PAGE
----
• This image, generated in Maya 5.0-6.0, is part of 'The Body +' exhibit at the MIT Museum through May 1.

    This image, generated in Maya 5.0-6.0, is part of 'The Body +' exhibit at the MIT Museum through May 1.

    Photo / Vita Berezina-Blackburn, Angie Houser

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Cyberarts in spotlight at MIT Museum

This image, generated in Maya 5.0-6.0, is part of 'The Body +' exhibit at the MIT Museum through May 1.


Poised at the intersection of art and technology, "The Body +," a retrospective video compilation of performance pieces that use technology as an artistic tool, will be on view through May 1 at the MIT Museum.

The title is intended to indicate the collaboration between the dancer and technology in a performance, as in "body + light," or "body + camera + sound + computer." The exhibit is an offshoot of the Ideas in Motion Conference, which in turn is part of the 2005 Boston Cyberarts Festival, a biannual festival of art and technology.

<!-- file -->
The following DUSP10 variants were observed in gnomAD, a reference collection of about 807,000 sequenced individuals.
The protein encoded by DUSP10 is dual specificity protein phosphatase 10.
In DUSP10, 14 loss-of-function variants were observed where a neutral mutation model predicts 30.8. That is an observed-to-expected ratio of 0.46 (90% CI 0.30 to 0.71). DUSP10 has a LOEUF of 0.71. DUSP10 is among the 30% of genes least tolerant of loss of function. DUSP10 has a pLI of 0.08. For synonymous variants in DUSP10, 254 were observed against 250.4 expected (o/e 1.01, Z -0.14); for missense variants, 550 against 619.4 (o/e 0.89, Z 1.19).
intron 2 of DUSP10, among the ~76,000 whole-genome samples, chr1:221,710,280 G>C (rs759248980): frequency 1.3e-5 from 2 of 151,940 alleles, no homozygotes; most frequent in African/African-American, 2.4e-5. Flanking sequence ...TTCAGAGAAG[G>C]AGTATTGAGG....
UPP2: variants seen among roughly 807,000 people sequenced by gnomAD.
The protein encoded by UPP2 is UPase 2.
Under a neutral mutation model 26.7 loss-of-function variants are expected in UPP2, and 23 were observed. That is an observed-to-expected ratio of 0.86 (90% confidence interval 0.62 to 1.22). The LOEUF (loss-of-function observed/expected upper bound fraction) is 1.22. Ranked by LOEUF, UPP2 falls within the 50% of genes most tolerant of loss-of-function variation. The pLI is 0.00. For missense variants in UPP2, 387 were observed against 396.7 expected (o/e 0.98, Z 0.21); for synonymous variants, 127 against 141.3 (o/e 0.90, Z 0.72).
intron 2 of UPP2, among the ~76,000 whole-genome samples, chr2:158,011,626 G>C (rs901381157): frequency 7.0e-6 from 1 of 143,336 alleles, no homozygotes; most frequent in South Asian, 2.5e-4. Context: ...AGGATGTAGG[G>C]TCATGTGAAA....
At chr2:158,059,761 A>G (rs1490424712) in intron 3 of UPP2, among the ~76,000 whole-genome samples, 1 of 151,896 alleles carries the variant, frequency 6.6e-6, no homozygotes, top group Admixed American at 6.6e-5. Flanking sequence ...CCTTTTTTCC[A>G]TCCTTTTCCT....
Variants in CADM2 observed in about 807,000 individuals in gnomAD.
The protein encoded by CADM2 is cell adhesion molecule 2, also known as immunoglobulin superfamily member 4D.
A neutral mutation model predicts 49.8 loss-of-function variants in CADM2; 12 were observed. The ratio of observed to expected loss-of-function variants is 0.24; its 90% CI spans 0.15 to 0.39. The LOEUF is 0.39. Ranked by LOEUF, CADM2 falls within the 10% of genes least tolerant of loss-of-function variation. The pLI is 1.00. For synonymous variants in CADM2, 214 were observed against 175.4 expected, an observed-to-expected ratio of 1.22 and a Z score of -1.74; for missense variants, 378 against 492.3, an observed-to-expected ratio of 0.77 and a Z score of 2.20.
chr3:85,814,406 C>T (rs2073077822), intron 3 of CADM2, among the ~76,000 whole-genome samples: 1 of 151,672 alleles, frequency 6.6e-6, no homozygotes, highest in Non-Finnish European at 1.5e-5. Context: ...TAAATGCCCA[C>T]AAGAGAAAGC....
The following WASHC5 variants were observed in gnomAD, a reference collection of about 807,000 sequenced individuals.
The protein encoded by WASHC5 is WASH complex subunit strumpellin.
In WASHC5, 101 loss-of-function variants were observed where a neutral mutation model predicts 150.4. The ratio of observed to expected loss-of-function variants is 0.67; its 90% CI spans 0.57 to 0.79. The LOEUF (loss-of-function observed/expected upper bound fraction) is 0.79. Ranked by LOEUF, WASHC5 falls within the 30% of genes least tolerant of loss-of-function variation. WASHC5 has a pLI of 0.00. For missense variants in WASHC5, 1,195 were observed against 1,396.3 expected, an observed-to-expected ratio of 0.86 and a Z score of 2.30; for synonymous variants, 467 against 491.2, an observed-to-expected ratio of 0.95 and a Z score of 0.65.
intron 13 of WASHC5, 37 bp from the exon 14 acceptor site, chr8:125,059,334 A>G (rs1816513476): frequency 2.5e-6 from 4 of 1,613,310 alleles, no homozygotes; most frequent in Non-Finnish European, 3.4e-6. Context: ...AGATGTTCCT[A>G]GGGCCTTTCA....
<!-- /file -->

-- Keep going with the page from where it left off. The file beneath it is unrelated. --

According to curator Nell Breyer of MIT's Center for Advanced Visual Studies, the nine choreographers whose work is included in this video compilation employ technologies ranging from simple video cameras to high-tech medical imaging and motion capture.

The oldest piece was choreographed by Trisha Brown in 1966 and features a projector mounted on the back of a performer, with the film projected around the performance space. The newest was produced by dance group Troika Ranch this year using sensors on dancers' bodies to trigger interactive 3-D imagery. In between is the work of such innovators as Marc Downie, a graduate student in MIT's Media Laboratory and the performance artist Sterlarc, whose work "Stomach Sculpture" uses medical imagery to show the inside of that organ, eliciting squeals of "ewww" from at least one 7-year-old viewer.

Combining dance and technology is not new, said Breyer, who is also a coordinator for the conference. But the increased availability of technology means that virtually all major choreographers are now making media part of their work. Technology, she said, needs to be used with a "strong degree of integrity," truly as a part of the performance, and not just for show.

This view was discussed at the conference, where participants quizzed each other on whether the inclusion of technology was really necessary and "organic" in their pieces.

The exhibition also marks a greater effort by the MIT Museum to "collaborate with groups around the MIT campus and show their work," said Stephanie Hunt, Learning Technologies Coordinator at the MIT Museum.

A version of this article appeared in MIT Tech Talk on April 27, 2005 (download PDF).


Topics: Arts

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